Affordable Access

deepdyve-link
Publisher Website

Minimum perceivable size difference: how well can radiologists visually detect a change in lung nodule size from CT images?

Authors
  • Solomon, Justin1
  • Ebner, Lukas2
  • Christe, Andreas2
  • Peters, Alan2
  • Munz, Jaro2
  • Löbelenz, Laura2
  • Klaus, Jeremias2
  • Richards, Taylor3
  • Samei, Ehsan3
  • Roos, Justus E4
  • 1 Carl E. Ravin Advanced Imaging Laboratories, Department of Radiology, Duke University Medical Center, Durham, NC, USA. [email protected]
  • 2 Department of Diagnostic, Interventional and Pediatric Radiology, Inselspital, Bern University Hospital, University of Bern, Bern, Switzerland. , (Switzerland)
  • 3 Carl E. Ravin Advanced Imaging Laboratories, Department of Radiology, Duke University Medical Center, Durham, NC, USA.
  • 4 Institute of Radiology and Nuclear Medicine, Luzerner Kantonsspital, Lucerne, Canton of Lucerne, Switzerland. , (Switzerland)
Type
Published Article
Journal
European Radiology
Publisher
Springer-Verlag
Publication Date
Apr 01, 2021
Volume
31
Issue
4
Pages
1947–1955
Identifiers
DOI: 10.1007/s00330-020-07326-2
PMID: 32997175
Source
Medline
Keywords
Language
English
License
Unknown

Abstract

The purpose of this study was to determine how well radiologists could visually detect a change in lung nodule size on the basis of visual image perception alone. Under IRB approval, 109 standard chest CT image series were anonymized and exported from PACS. Nine hundred forty virtual lung nodule pairs (six baseline diameters, six relative volume differences, two nodule types-solid and ground glass-and 14 repeats) were digitally inserted into the chest CT image series (same location, different sizes between the pair). These digitally altered CT image pairs were shown to nine radiologists who were tasked to visually determine which image contained the larger nodule using a two-alternative forced-choice perception experimental design. These data were statistically analyzed using a generalized linear mixed effects model to determine how accurately the radiologists were able to correctly identify the larger nodule. Nominal baseline nodule diameter, relative volume difference, and nodule type were found to be statistically significant factors (p < 0.001) in influencing the radiologists' accuracy. For solid (ground-glass) nodules, the baseline diameter needed to be at least 6.3 mm (13.2 mm) to be able to visually detect a 25% change in volume with 95 ± 1.4% accuracy. Accuracy was lowest for the nodules with the smallest baseline diameters and smallest relative volume differences. Additionally, accuracy was lower for ground-glass nodules compared to solid nodules. Factors that impacted visual size assessment were baseline nodule diameter, relative volume difference, and solid versus non-solid nodule type, with larger and more solid lesions offering a more precise assessment of change. • For solid nodules, radiologists could visually detect a 25% change in volume with 95% accuracy for nodules having greater than 6.3-mm baseline diameter. • For ground-glass nodules, radiologists could visually detect a 25% change in volume with 95% accuracy for nodules having greater than 13.2-mm baseline diameter. • Accuracy in detecting a change in nodule size began to stabilize around 90-100% for nodules with larger baseline diameters (> 8 mm for solid nodules, > 12 mm for ground-glass nodules) and larger relative volume differences (>15% for solid nodules, > 25% for ground-glass nodules).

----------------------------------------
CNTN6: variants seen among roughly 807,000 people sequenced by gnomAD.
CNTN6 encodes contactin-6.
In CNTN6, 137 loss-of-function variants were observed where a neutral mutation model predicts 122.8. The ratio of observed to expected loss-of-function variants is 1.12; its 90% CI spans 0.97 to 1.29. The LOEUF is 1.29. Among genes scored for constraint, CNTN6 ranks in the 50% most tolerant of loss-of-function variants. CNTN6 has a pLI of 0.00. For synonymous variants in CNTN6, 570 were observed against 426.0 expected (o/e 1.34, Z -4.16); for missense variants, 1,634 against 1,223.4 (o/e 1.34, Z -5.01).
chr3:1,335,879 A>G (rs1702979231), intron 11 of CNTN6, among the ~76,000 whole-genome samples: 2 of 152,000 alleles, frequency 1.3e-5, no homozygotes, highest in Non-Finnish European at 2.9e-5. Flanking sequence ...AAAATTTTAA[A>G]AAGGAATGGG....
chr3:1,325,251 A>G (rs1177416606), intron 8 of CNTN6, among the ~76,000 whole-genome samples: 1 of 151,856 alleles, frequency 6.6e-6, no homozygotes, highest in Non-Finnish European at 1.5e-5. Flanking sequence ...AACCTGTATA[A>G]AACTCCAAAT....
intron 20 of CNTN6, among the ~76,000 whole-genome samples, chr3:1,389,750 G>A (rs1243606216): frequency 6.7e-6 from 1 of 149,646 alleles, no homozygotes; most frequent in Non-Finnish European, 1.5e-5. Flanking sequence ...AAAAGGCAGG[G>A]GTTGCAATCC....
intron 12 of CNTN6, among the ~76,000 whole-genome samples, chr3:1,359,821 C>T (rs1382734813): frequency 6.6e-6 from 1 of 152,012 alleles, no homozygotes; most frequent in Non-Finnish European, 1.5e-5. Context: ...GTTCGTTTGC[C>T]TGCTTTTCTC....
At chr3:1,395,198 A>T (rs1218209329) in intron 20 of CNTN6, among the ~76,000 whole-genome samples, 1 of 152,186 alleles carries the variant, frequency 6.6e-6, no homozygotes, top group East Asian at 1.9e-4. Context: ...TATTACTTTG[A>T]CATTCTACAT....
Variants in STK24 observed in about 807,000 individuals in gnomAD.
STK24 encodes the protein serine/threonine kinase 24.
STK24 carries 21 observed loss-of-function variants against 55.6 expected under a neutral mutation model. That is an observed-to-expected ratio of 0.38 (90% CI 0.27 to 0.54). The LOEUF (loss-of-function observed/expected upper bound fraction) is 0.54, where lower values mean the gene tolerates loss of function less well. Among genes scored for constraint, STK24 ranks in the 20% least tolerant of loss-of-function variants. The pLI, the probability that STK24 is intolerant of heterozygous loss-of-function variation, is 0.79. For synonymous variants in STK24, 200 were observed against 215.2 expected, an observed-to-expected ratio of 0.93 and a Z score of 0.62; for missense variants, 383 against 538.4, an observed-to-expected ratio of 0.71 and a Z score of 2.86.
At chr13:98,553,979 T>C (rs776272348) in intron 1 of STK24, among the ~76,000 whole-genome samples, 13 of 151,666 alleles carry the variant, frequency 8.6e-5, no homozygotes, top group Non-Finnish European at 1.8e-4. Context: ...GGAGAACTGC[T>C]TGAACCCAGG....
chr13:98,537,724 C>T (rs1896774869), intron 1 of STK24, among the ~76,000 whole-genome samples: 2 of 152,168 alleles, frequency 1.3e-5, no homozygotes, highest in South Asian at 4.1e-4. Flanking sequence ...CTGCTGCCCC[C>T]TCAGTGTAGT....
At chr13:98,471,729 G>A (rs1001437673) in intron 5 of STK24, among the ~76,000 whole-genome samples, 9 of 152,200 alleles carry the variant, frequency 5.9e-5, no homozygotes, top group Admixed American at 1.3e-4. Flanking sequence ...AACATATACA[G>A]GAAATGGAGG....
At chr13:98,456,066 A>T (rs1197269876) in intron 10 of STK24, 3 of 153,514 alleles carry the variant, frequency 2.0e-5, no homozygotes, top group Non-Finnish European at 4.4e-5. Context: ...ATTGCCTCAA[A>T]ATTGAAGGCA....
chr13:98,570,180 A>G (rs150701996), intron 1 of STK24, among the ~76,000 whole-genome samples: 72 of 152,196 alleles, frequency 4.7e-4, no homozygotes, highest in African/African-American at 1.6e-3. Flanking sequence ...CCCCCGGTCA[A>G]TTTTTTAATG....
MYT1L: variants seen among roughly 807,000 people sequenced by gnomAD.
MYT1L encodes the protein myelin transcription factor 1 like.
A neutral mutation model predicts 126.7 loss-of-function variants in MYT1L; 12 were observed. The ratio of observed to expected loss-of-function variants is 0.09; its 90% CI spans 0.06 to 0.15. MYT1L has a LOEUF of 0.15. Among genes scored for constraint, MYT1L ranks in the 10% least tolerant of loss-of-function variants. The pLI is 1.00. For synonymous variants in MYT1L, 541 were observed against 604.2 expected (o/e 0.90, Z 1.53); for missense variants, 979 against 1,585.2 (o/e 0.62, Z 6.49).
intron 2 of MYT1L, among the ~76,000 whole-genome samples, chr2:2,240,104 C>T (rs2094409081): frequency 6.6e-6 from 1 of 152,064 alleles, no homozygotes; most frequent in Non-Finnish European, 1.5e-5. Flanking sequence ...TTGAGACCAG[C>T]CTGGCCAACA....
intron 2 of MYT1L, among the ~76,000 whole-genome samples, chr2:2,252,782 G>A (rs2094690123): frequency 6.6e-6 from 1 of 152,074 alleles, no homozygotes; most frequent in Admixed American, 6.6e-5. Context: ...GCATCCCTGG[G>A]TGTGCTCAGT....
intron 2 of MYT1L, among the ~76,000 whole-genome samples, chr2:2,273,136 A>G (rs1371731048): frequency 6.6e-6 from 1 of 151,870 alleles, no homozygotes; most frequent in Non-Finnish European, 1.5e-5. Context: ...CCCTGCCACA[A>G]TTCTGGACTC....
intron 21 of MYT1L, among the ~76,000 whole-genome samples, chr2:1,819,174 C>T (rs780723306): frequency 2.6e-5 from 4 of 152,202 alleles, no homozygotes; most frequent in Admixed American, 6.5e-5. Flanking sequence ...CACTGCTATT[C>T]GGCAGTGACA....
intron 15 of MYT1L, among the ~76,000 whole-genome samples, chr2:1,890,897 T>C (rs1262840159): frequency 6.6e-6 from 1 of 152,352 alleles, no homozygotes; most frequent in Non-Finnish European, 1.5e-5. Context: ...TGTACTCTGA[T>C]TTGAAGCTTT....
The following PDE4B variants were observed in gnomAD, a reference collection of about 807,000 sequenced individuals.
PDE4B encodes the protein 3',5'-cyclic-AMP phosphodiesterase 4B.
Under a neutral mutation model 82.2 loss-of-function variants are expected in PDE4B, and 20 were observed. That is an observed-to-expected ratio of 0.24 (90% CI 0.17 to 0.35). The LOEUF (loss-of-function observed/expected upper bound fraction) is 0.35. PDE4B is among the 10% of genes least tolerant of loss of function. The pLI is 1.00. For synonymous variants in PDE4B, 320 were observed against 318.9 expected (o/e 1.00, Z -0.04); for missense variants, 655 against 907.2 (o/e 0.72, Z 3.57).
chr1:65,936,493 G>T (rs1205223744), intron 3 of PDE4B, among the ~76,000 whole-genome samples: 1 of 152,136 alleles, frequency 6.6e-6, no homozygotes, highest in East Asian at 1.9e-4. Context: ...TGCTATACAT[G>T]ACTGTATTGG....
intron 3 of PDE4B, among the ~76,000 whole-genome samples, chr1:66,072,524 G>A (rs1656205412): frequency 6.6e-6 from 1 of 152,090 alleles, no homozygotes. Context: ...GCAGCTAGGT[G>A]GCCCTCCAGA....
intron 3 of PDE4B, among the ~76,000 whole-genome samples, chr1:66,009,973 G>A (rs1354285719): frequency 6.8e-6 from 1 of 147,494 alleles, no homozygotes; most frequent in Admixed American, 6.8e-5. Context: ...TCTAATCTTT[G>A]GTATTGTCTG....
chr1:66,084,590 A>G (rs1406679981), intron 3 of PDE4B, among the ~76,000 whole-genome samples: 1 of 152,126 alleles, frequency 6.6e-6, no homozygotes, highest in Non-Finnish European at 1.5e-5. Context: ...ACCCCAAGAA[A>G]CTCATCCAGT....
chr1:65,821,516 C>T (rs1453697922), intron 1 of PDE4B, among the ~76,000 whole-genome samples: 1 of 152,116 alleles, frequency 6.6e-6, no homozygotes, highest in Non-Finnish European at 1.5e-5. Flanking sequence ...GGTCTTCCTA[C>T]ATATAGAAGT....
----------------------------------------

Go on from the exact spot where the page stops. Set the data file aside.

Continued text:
Report this publication

Statistics

Seen <100 times